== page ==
Canadian Blood Services now permits some homosexual, bisexual males to donate plasma in Calgary, London, Ont.

Canadian Blood Services is taking the primary steps to permitting homosexual and bisexual males who have intercourse with males — which it calls the gbMSM group — to donate blood plasma, which is beginning in two check cities: Calgary, Alta., and London, Ont.

It marks the primary time the company is opening donations to homosexual and bisexual males. For years, their policy of not permitting that demographic to donate has been criticized as discriminatory.

“We’re excited to welcome more members of the gbMSM community into our London and Calgary plasma donor centres,” Dr. Graham Sher, CEO of Canadian Blood Services, stated in a press release. “This is an important step toward our goal of removing the waiting period for gbMSM donors and using sexual behaviour-based screening for all donors instead.”

In Calgary and London, males who have intercourse with males at the moment are eligible to donate supply plasma in the event that they have not had a new sexual companion within the final three months, and if their companions have not had intercourse with one other companion. 

Canadian Blood Services made the announcement on its web site on Tuesday and on social media, which garnered response ranging from welcoming the transfer to saying the company must do extra.

Plasma is the straw-coloured liquid element left when blood cells are faraway from complete blood. It comprises vitamins and immune molecules like antibodies, and donations might be carried out extra continuously than blood donations. 

Men who have had sexual contact with one other man within the final three months are nonetheless not eligible to donate blood.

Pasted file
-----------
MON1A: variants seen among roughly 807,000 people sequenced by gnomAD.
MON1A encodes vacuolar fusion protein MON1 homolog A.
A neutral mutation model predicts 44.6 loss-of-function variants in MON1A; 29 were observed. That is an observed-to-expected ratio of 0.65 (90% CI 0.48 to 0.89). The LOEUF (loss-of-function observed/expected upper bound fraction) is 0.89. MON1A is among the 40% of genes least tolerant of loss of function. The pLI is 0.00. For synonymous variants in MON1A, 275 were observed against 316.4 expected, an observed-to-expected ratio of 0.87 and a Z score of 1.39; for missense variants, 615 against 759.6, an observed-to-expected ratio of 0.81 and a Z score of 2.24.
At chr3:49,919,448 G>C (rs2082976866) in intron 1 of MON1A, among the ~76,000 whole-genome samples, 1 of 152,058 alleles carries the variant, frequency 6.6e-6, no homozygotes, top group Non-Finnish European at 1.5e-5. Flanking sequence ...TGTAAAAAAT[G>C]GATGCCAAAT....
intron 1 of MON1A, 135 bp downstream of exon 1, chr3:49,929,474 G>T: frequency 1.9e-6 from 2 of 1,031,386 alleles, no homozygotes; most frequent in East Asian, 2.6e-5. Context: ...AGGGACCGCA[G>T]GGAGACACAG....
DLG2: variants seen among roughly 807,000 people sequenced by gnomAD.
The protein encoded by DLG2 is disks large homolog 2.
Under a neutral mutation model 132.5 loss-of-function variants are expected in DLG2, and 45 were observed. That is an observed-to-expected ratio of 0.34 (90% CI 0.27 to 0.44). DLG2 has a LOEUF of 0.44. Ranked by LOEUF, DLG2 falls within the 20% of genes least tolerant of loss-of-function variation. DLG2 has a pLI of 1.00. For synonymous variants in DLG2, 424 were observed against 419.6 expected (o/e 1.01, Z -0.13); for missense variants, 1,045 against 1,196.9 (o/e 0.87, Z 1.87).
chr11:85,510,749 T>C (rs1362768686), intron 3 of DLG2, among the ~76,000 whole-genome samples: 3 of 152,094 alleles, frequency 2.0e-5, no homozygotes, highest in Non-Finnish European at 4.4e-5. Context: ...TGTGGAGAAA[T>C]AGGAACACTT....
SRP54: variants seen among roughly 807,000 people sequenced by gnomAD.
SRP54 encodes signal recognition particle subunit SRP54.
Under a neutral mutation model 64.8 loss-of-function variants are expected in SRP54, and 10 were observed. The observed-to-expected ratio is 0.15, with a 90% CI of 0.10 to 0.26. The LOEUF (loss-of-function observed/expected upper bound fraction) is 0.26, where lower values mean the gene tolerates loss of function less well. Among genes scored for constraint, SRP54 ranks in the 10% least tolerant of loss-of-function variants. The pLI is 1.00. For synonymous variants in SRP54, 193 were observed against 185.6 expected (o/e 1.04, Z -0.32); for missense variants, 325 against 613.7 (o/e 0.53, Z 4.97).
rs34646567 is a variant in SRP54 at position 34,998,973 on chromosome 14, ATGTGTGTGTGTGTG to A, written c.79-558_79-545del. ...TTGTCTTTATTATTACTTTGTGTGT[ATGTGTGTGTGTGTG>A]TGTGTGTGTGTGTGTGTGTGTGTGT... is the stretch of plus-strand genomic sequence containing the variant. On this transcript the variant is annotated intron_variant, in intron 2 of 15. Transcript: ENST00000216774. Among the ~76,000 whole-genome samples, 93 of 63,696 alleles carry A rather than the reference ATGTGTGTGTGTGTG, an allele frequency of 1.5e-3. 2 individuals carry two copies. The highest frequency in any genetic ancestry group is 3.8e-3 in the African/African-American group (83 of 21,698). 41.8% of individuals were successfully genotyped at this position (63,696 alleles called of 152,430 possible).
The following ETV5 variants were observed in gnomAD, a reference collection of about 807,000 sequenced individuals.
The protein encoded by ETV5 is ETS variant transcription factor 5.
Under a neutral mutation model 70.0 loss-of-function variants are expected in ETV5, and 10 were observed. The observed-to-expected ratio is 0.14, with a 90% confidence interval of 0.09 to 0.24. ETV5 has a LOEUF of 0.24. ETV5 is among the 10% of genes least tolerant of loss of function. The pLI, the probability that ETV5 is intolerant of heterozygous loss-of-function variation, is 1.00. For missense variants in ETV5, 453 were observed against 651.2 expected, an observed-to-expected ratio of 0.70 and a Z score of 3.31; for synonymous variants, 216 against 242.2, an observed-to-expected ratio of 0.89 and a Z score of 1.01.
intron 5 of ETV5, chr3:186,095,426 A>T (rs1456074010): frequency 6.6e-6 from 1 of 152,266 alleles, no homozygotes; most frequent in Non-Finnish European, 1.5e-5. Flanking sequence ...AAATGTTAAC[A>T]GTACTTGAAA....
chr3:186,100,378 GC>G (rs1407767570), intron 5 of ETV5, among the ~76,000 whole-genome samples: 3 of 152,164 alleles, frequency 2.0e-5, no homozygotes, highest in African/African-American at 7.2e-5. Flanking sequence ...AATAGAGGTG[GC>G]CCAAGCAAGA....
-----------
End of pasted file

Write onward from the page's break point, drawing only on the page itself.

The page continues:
The company says it hopes to use to Health Canada by the top of 2021 to have that standards eliminated, transferring away from a blanket ban to a screening course of as an alternative that asks about sexual behaviour, because it does for other donors. 

Demand for plasma surging

“Men are able to donate source plasma every week at our London and Calgary donor centres,” Canadian Blood Services stated in a press release. “Plasma donated by gay, bisexual and other men who have sex with men in London and Calgary will be made into plasma protein products when the donor comes in at least 60 days later with a plasma donation that tests negative for infectious diseases. 

“Plasma protein merchandise are specialised medicines that are constructed from plasma to deal with quite a lot of uncommon, life-threatening, continual and genetic situations. The 60-day return donation and testing is a requirement from our regulator Health Canada.”

Demand for plasma products is surging in Canada and around the world. It is used in a variety of treatments for rare, life-threatening, chronic and genetic conditions.

For years, Canadian Blood Services has come under fire for not allowing men who have sex with men to donate blood, a practice many call homophobic. The agency did not say when it would expand the current plasma donation ability to other centres beyond Calgary and London.

“We perceive that being turned away from donating can go away any donor with a way of frustration and disappointment,” the agency said. “We acknowledge that eligibility standards for males who have intercourse with males is a very delicate concern affecting many who have skilled longstanding marginalization and stigma.

“We also recognize that the slow pace of changes to donor criteria that still exclude many gay, bisexual and other men who have sex with men has been painful and frustrating for many, and we are working to create a more inclusive system.”

Training employees a part of policy change

Canadian Blood Services says University of Ottawa-led analysis carried out at arm’s size from the company contributed to the event of the new standards and donor screening processes for the gbMSM group. 

Part of introducing the new policy in London and Calgary concerned coaching front-line employees on how one can talk with potential donors, and “understand the science behind the new policy,” Canadian Blood Services says on its web site.

It cites data collected by the Public Health Agency of Canada indicating the incidence of HIV and hepatitis C is greater in Canada amongst males who have intercourse with males in contrast ot the remainder of the inhabitants.

“The current criteria are based on a broad statistical picture of risk, but of course not all individuals within a group are the same,” Dr. Graham Sher, CEO of Canadian Blood Services, is quoted on the web site as saying. “This is part of the reason we are working toward a new way of screening donors that looks at the risks of specific sexual behaviours.”

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